• Yuri Botiuk

    Partner, Grosvenor Law, London.
    Yuri has been acting in complex litigation and arbitration arising out of Ukraine, Russian, Kazakhstan and the Former Soviet Union for the past 15 years. Yuri regularly appears as an expert at conferences regarding FSU disputes issues and is also the Chairman of the British-Ukrainian Law Association

  • Iurii Rybak

    Associate, Spenser & Kauffmann

Spenser & Kauffmann

Address: 7 Klovsky Uzviz, 14th Floor, Kyiv, 01021, Ukraine
Tel.:+380 44 288 8383; 288 6707
Fax: +380 44 351 21 55
E-mail: office@sklaw.com.ua
Web-site: www.sklaw.com.ua

Spenser & Kauffmann is one of the leading full-service law firms in Ukraine.

Since its foundation in 2006, Spenser & Kauffmann aims to provide its сlients with the highest standards of legal advice and exemplary service. We represent our сlients in all areas of business law, including mergers and acquisitions, corporate, antitrust, intellectual property, IT,  labor & employment, insurance law, banking and finance, capital markets, construction, energy & natural resources, enforcement proceedings, private clients, tax consulting and litigation.

Throughout the last ten years, our firm has been recognized among the leaders by various prestigious international and domestic rankings in different legal spheres.

Our lawyers speak English, French, German and Czech,  which allows us to understand and communicate with domestic and international сlients without psychological or language barriers.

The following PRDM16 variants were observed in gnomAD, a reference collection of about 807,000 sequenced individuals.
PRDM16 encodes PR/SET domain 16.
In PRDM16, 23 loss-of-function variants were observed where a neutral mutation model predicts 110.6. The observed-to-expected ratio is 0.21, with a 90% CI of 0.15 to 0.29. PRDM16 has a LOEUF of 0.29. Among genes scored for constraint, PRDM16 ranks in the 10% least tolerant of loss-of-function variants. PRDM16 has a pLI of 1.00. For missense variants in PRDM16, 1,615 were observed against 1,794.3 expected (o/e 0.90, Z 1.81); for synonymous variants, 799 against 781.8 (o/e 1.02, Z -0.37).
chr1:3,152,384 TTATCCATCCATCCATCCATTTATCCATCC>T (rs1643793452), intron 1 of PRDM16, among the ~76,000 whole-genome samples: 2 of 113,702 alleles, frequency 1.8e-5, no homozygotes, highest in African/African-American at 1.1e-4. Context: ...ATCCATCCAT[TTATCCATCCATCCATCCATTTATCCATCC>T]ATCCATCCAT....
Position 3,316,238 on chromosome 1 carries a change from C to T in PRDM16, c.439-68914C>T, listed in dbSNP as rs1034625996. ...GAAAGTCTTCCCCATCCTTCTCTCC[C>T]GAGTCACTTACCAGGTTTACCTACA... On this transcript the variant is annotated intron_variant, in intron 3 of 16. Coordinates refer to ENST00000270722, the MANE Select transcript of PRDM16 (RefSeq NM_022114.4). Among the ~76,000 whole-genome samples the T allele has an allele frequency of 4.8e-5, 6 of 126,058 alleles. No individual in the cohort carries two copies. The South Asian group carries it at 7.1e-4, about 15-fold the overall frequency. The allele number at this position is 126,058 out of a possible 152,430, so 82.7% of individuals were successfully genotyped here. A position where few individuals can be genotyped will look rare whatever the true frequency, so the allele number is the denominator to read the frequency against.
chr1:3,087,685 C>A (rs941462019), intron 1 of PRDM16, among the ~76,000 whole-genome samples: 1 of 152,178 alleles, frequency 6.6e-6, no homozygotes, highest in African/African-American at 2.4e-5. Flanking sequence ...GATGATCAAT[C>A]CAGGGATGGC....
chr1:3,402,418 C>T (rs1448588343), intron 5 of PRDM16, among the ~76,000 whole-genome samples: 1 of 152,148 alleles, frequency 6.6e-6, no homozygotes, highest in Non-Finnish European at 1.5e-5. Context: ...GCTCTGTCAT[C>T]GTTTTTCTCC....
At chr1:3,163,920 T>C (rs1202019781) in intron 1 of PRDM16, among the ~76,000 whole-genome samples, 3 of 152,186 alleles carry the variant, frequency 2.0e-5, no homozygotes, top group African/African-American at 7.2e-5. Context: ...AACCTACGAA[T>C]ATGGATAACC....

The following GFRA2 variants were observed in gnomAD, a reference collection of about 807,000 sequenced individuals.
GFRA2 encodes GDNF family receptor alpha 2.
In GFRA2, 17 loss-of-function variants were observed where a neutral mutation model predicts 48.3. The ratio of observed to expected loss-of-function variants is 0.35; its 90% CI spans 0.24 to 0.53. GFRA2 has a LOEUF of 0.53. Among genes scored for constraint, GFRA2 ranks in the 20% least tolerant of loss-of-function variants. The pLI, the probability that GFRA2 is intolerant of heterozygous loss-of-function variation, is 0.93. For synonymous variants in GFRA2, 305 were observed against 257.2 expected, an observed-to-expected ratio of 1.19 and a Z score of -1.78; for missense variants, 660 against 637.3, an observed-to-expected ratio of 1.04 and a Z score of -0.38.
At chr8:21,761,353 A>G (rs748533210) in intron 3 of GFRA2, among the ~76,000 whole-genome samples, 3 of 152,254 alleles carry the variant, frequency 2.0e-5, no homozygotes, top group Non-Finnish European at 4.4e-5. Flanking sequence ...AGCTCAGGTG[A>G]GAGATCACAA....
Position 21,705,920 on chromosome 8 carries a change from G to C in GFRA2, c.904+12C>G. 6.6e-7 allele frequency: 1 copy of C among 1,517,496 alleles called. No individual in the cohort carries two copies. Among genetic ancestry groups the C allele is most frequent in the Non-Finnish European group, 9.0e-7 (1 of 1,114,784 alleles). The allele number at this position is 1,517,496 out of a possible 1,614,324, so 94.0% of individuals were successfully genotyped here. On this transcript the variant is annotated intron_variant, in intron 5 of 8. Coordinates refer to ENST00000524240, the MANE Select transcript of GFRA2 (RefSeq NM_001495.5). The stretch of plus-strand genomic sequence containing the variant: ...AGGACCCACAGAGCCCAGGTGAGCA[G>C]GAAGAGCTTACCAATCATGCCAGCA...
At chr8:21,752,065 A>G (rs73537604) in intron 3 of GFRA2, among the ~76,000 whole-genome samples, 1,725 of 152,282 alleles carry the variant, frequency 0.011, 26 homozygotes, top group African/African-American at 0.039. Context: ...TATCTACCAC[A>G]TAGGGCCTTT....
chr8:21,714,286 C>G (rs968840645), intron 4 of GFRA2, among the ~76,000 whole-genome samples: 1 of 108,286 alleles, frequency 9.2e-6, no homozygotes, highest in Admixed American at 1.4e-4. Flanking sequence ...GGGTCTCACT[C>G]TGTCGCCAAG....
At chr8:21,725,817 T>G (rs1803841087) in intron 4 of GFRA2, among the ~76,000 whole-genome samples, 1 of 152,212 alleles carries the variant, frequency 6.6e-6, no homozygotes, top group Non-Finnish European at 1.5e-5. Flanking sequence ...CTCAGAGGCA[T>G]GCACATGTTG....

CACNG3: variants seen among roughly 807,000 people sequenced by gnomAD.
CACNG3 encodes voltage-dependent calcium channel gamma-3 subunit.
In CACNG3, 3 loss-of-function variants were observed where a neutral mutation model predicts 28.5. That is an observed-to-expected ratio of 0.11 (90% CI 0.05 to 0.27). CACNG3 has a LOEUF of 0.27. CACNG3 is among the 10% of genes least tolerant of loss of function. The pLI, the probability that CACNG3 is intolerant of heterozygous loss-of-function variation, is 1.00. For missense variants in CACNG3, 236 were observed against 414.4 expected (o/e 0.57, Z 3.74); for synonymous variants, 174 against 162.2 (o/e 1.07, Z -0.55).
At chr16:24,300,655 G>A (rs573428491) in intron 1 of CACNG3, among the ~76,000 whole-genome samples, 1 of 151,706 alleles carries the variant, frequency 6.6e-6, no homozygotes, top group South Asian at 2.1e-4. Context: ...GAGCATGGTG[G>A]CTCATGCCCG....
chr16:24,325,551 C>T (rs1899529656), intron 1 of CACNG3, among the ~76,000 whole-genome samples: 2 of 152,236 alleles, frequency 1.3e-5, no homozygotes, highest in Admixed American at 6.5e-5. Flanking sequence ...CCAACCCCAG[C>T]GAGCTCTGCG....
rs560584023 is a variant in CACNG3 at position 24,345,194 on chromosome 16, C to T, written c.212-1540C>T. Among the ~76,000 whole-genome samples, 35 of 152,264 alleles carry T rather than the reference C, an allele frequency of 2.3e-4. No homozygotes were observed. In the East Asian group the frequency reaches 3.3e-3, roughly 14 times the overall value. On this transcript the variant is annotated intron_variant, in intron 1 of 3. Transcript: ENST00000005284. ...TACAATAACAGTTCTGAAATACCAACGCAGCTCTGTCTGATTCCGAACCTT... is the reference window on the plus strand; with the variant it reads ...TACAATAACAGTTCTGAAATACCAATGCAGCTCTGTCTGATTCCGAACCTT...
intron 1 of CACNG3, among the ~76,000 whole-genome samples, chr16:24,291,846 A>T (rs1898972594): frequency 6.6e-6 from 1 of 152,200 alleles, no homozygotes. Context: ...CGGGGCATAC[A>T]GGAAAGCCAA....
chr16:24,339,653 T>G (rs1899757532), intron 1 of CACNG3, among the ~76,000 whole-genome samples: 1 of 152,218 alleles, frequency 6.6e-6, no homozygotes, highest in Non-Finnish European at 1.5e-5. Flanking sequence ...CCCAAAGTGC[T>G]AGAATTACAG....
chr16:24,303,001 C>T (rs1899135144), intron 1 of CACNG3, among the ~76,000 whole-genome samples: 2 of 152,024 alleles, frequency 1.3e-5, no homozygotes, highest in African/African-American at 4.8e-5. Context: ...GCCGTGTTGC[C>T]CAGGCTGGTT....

Cross-Border Debt Recovery

Economic and political crises generate disputes in which often one party is a creditor and other is a debtor who owes money or other assets to the creditor. This involves not only defaults on loans, but also disputes which arise from joint venture agreements, sale and distribution contracts, corporate conflicts, etc.

Often, the recovery of the debt is problematic or even impossible within Ukraine. Usually, this is due to one or a few of the following circumstances:

(i) lack of enforceable assets, including dissipation of secured assets;

(ii) complex offshore structures; and

(iii) inefficiency of Ukrainian courts and enforcement authorities.

Unfortunately, the chances for a creditor to obtain recovery do not increase even when the debtor’s actions involve fraud or other wrongdoing.

In such situations, a creditor should consider debt recovery measures outside Ukraine. Such international actions are particularly relevant in high value claims where the debtor’s business activity, or at least corporate structure, is not limited to Ukraine.

The Courts of England & Wales are, rightly, considered as particularly helpful to assist in finding the international assets of Ukrainian debtors.

What support can be provided or gained through English courts of law?

In order to receive support from an English court, the claimant does not always need to show that the underlying case is governed by English Jurisdiction. The High Court of England & Wales has well established practice of issuing orders, including freezing injunctions, in support of foreign proceedings, including in Ukraine, and arbitrations.

Two of the most useful interim remedies available from an English court are:

  1. Disclosure Orders/Norwich Phamacal Orders, which force third parties to disclose the flow of money/assets;
  2. Worldwide Freezing Orders, which secure a debtor’s asset once they are discovered.

Pursuant to a Norwich Phamacal Orders innocent third parties that were dealing with the debtor must disclose information about the debtor. Such third parties are frequently the companies and/or persons providing nominee services. So, a Norwich Pharmacal Order is particularly useful for tracing assets through a complex web of corporate structures/trusts.

A Worldwide Freezing Order (WFO), can have a significant effect on a debtor since it: